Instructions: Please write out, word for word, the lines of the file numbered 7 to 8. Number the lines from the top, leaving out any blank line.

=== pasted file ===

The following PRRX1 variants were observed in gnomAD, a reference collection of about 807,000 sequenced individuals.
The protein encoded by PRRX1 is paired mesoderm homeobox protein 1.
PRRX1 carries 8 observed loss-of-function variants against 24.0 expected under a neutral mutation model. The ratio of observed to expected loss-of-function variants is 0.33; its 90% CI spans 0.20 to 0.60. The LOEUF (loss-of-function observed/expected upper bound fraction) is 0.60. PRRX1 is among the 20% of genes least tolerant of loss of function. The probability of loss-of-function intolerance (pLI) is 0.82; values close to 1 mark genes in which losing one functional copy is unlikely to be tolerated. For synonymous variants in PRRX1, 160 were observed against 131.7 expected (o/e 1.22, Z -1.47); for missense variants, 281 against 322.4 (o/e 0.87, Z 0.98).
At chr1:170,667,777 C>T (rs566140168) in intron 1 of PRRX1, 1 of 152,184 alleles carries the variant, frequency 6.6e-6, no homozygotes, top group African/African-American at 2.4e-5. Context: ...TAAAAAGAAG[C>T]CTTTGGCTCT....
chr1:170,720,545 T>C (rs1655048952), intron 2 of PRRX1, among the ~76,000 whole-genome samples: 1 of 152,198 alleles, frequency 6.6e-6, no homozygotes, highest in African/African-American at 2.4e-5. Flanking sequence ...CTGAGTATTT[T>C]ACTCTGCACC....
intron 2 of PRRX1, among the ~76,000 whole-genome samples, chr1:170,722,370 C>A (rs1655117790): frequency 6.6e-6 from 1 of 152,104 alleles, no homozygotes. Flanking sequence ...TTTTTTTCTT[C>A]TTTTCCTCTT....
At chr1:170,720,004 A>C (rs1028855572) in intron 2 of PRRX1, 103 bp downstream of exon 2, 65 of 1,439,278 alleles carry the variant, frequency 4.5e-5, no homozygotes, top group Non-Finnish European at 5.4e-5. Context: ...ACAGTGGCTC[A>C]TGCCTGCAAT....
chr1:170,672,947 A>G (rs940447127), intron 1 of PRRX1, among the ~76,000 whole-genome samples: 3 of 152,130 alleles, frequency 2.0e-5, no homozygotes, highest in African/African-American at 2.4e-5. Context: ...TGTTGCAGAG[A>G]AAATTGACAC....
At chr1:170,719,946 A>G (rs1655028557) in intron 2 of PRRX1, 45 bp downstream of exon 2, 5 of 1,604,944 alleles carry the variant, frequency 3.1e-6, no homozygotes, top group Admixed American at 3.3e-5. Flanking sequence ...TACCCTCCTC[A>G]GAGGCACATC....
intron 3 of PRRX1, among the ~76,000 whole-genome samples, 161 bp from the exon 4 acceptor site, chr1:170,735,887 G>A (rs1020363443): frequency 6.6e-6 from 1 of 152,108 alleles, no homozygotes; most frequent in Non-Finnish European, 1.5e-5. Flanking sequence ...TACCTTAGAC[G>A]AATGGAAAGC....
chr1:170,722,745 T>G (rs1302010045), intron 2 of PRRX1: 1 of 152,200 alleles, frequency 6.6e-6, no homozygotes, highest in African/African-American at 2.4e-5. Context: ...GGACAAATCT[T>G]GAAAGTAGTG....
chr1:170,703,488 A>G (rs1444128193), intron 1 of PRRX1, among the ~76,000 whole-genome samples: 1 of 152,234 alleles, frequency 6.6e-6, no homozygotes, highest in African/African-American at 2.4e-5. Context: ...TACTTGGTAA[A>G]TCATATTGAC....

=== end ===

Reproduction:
At chr1:170,720,004 A>C (rs1028855572) in intron 2 of PRRX1, 103 bp downstream of exon 2, 65 of 1,439,278 alleles carry the variant, frequency 4.5e-5, no homozygotes, top group Non-Finnish European at 5.4e-5. Context: ...ACAGTGGCTC[A>C]TGCCTGCAAT....
chr1:170,672,947 A>G (rs940447127), intron 1 of PRRX1, among the ~76,000 whole-genome samples: 3 of 152,130 alleles, frequency 2.0e-5, no homozygotes, highest in African/African-American at 2.4e-5. Context: ...TGTTGCAGAG[A>G]AAATTGACAC....